By the way, this is the church, the Basilica de la Soledad. It's famous for the appearance on a box within its walls of the image of the Virgin Mary. The box is still housed inside. Really beautiful and intricate carvings on the facade, not done justice at all by the photograph.

Saturday, September 18, 2010


Not sure if we've mentioned tlayudas, but I think so. Jorge sent us some pictures that he took of us eating at the late-night restaurant near where he lives. They give a little bit of a sense of how big these amalgamations of tortilla, beans, lettuce, salsa and meat actually are.

Also, we tried patitas this same night - boiled then pickled pigs feet. Not bad, actually.

Friday, September 17, 2010

Sep. 15, 16, 17 - Independencia y el Puente

So September 15 was the 200th anniversary of the Mexico's independence from Spain. Just like in the United States, the years are counted not from the end of the war, or the establishment of a permanent domestic government, but from a call to action. Father Miguel Hidalgo y Costilla (for whom Avenue Hidalgo in Ciudad de Oaxaca is named, and about whom a major motion picture is scheduled for release) had planned an insurrection with a Spanish army captain named Ignacio Allende, but the authorities were tipped off and Hidalgo had to rally the people ahead of schedule. Accordingly, he issued his now-famous Grito de Dolores, inspiring his parishioners and others to rise up against the Spanish forces. The initial uprising reached the outskirts of Mexico City, but no further, and Father Hidalgo and Allende quarreled, separated and were eventually both captured and executed.

Nevertheless, their actions precipitated the struggle that would lead to the ejectment of Spain from Mexico and a fully independent Mexican state. In honor of this, the Grito de Dolores is reenacted - at least, in some capacity, as the exact words of the cry are uncertain - in city
centers throughout Mexico on September 15. This includes Oaxaca, where in addition to the Grito, fireworks, music and food, there were ceremonial (well, kind of) fights with cans of pressurized foam. We had intended to stay on the sidelines of these, but after I took an entirely unprovoked dousing, Jorge and Omar rushed to our defense with many, many cans. The results speak for themselves, and everyone seemed to have a really good time.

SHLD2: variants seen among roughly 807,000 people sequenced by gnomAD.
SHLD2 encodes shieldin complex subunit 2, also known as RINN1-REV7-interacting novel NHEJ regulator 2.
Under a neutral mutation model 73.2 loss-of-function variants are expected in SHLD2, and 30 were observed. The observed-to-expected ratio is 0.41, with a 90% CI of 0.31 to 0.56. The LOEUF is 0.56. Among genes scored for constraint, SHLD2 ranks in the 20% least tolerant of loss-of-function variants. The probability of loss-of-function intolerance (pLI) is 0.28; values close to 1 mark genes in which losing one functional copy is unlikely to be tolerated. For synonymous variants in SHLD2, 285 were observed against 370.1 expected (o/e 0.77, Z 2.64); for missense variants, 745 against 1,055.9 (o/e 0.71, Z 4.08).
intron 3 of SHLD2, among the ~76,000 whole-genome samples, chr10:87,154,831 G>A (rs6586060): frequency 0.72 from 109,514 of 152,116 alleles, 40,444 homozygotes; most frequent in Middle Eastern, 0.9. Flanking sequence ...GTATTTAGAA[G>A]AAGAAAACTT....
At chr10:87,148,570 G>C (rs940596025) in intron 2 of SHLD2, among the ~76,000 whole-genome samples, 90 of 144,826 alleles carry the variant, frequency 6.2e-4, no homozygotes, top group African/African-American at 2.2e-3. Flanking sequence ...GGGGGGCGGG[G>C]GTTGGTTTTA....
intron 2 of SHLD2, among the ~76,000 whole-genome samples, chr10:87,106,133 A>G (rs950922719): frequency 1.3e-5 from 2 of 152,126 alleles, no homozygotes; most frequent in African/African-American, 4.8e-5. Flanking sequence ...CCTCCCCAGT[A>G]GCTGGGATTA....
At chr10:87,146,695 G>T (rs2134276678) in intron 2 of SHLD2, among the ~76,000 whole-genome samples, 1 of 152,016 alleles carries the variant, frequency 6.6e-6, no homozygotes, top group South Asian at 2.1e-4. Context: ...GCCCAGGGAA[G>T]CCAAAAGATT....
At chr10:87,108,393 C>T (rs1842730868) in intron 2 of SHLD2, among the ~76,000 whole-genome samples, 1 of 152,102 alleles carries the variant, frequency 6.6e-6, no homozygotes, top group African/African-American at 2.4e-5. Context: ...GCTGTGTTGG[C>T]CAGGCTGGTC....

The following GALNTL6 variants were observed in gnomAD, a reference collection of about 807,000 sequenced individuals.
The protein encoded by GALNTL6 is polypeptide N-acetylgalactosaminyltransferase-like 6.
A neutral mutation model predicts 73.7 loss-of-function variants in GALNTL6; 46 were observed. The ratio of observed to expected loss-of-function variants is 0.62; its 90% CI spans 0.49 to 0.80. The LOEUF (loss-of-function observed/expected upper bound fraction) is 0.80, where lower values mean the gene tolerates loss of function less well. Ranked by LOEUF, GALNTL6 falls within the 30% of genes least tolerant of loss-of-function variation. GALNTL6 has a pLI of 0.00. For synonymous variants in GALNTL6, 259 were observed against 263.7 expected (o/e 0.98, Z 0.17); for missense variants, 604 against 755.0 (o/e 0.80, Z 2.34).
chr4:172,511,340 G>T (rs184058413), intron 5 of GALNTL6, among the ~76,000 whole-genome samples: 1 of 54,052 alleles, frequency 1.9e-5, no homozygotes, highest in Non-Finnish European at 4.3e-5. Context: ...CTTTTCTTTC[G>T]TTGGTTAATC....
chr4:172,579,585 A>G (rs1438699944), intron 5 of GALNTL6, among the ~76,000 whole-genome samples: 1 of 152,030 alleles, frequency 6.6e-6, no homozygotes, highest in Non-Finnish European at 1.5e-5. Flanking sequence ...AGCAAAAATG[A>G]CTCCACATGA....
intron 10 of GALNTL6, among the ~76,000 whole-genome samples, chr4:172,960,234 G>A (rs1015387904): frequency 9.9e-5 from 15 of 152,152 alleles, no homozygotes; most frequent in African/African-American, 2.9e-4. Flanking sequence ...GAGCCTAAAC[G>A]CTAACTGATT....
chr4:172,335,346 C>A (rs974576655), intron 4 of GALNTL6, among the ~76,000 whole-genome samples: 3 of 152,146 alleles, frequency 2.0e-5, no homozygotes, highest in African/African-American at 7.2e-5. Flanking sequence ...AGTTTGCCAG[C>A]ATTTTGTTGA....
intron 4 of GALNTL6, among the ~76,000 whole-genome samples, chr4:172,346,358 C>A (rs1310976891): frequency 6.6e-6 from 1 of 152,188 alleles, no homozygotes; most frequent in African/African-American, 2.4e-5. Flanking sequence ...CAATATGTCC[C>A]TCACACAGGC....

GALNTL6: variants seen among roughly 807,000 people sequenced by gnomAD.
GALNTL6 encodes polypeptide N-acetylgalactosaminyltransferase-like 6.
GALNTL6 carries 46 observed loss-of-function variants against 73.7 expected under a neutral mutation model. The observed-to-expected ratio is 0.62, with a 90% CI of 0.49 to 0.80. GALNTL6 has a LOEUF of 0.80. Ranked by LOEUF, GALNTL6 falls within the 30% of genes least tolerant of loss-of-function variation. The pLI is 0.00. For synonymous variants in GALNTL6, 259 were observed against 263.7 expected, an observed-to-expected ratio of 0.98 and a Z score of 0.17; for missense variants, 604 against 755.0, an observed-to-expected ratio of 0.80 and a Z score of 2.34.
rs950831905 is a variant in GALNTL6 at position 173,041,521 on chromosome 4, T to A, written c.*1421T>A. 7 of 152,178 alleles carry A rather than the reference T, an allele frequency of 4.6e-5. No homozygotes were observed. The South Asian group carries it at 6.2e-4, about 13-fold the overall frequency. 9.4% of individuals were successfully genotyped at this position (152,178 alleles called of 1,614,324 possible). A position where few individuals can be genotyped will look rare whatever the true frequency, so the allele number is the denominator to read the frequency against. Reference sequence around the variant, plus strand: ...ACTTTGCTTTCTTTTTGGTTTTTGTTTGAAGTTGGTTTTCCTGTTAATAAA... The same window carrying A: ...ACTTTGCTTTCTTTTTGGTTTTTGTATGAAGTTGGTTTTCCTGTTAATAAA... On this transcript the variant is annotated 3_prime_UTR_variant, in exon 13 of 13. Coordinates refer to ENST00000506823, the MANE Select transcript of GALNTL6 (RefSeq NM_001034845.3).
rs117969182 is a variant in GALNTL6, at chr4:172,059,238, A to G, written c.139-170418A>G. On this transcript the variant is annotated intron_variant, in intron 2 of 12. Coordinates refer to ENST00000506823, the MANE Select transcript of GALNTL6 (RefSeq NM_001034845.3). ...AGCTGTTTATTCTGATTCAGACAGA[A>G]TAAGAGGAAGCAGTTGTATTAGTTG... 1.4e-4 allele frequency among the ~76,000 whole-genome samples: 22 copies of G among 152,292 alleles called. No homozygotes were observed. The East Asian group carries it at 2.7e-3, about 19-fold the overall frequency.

Thursday, everything seemed to be closed down, as the celebration continued at a more relaxed pace. Of course, this meant that our attempted trip to several museums fell short, but there's plenty of time to make good. And Friday? Friday is el Puente - the bridge from the holiday to the weekend, when you're supposed to take the day off, even though there isn't an official reason to. Of course, Erica, being a dedicated volunteer, went in for an extra long day, complete with her first P.E. class and her first staff meeting.

I took the morning to go back to Abastos, which is far less insane, apparently, when it isn't Saturday. I wandered a bit, and found live hens, roosters and turkeys for sale - all quite docile, actually, as they resignedly awaited their fate - as well as some apparently quite fresh fish. I was feeling good about all I bought and about finding my way with ease, until I came out a totally unexpected exit and had to wander for 5 or 10 minutes before I finally figured out my bearings. That it was cloudy and that Abastos is tucked among quite a few different hills didn't help much (normally, finding North is as easy as finding the biggest mountains). But, never fear, I made it back home in time to make sure the beans didn't overcook and to prepare a copious batch of granola. By the way, raisins are know as pasas. For some reason, uvas secas (dry grapes) didn't get me very far without some additional explanation/inquiry.

After that, a leisurely afternoon, then a really excellent concert by two young classical guitarists at the Casa de la Cultura Oaxaquena (where I'll also get to practice piano). The music was beautiful and the speed they could move their fingers was amazing. Some pieces, it honestly looked like their hands were somehow liquid. All the songs were good, but we particularly liked Milonga, by Jorge Cardozo, Snowflight, by Andrew York, and Koyunbaba, by Carlo Domeniconi.

There's a stage up in the Zocalo with music and dancing, so we're headed out that way. Happy weekend!

Tuesday, September 14, 2010

Monte Alban